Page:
Today is the 50th anniversary of the surprise Israeli attack against Egypt that started the Six-Day War, and the Mainstream Narrative to justify it is lumbering back into view, right on schedule. Yesterday the New York Times ran a breathless, front-page report about Israel’s “secret doomsday plan” in 1967 — a proposal to explode an atomic device near an Egyptian base in the Sinai to warn the Arab nations that it had nuclear weapons.
The Times article faithfully included the two main points of the Mainstream Narrative, both of which have been long since discredited:
* That the Arab nations planned to attack Israel, and
* That Israel’s leaders feared that its very existence was at risk, that “doomsday” was possible.
The article contends that the revelation about the atomic weapon “reveals Israel’s early consideration of how it might use its nuclear arsenal to preserve itself.” The report adds, “It has long been known that Israel, fearful for its existence, rushed to complete its first atomic device on the eve of the Arab-Israeli war.”
The Times reporters, William J. Broad and David E. Sanger, are decades out of date. As the scholar Norman Finkelstein has shown, no legitimate historian of the period, whatever their political persuasion, contends any longer that Israeli leaders in June 1967 genuinely feared a massive Arab attack, or worried that Israel’s existence was in jeopardy.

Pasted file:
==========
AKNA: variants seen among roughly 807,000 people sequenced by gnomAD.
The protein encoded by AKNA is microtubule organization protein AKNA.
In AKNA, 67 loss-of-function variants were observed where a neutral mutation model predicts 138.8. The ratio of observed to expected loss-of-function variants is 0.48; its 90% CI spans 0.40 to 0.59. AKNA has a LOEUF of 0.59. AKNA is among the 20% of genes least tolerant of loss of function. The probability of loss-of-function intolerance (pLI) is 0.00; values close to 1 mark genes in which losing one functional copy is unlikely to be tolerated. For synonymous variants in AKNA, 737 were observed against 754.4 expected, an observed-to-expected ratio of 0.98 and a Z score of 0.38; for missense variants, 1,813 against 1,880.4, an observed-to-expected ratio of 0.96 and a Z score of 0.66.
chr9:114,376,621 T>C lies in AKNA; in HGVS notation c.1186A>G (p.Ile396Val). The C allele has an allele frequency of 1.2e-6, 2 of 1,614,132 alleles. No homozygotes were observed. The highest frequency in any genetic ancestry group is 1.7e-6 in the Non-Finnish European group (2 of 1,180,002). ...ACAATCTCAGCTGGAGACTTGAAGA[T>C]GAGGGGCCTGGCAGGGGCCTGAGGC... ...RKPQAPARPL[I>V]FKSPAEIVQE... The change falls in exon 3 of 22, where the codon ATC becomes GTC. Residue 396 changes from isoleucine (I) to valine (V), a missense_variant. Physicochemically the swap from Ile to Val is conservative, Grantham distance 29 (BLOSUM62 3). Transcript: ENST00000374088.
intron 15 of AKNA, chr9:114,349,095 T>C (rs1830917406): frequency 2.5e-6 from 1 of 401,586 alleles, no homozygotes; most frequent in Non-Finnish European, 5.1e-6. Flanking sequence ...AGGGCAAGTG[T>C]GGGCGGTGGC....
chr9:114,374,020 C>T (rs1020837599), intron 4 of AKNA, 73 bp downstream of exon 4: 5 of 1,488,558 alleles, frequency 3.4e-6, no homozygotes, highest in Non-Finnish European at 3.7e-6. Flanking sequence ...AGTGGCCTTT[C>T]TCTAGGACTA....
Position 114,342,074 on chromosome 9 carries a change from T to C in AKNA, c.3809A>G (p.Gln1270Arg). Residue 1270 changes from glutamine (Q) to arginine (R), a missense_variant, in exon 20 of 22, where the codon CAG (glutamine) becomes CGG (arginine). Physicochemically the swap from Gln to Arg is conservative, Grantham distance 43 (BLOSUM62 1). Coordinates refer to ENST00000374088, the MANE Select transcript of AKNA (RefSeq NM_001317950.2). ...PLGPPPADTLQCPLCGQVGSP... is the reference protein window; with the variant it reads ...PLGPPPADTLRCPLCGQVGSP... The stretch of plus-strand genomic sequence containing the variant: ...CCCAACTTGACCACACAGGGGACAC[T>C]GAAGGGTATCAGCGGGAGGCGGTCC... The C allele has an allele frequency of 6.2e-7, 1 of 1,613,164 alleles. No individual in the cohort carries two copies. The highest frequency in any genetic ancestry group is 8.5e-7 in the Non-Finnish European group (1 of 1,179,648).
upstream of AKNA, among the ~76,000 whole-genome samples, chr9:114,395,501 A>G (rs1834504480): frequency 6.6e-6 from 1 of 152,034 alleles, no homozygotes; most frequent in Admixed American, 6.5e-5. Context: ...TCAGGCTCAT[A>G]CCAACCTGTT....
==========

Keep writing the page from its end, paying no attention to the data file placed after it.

So why this biased Times article? And why now? On closer inspection, the “doomsday plan” story looks sketchy. The single source was a retired Israeli brigadier general, Itzhak Yaakov, who spoke to an Israeli-American academic named Avner Cohen way back in 1999 and 2000, and died in 2013. But somehow only today are Yaakov’s revelations being released to the public?
In the middle of the Times story is a Mainstream Narrative gem, a quotation from the memoirs of Shimon Peres, the former Israeli president and prime minister, (and the father of Israel’s secret nuclear program, although the Times left that part out).
The Times says that Peres’s memoirs hinted at the “secret doomsday plan,” mentioning “an unnamed proposal that ‘would have deterred the Arabs and prevented the war.’”
The wily Peres is laughing from the grave. He knew that in 1967 “the Arabs” had no plan to attack and did not need to be deterred. Israel’s leaders did intend to attack, knew they would win easily, and therefore certainly had no serious intention to use their secret nuclear weapon.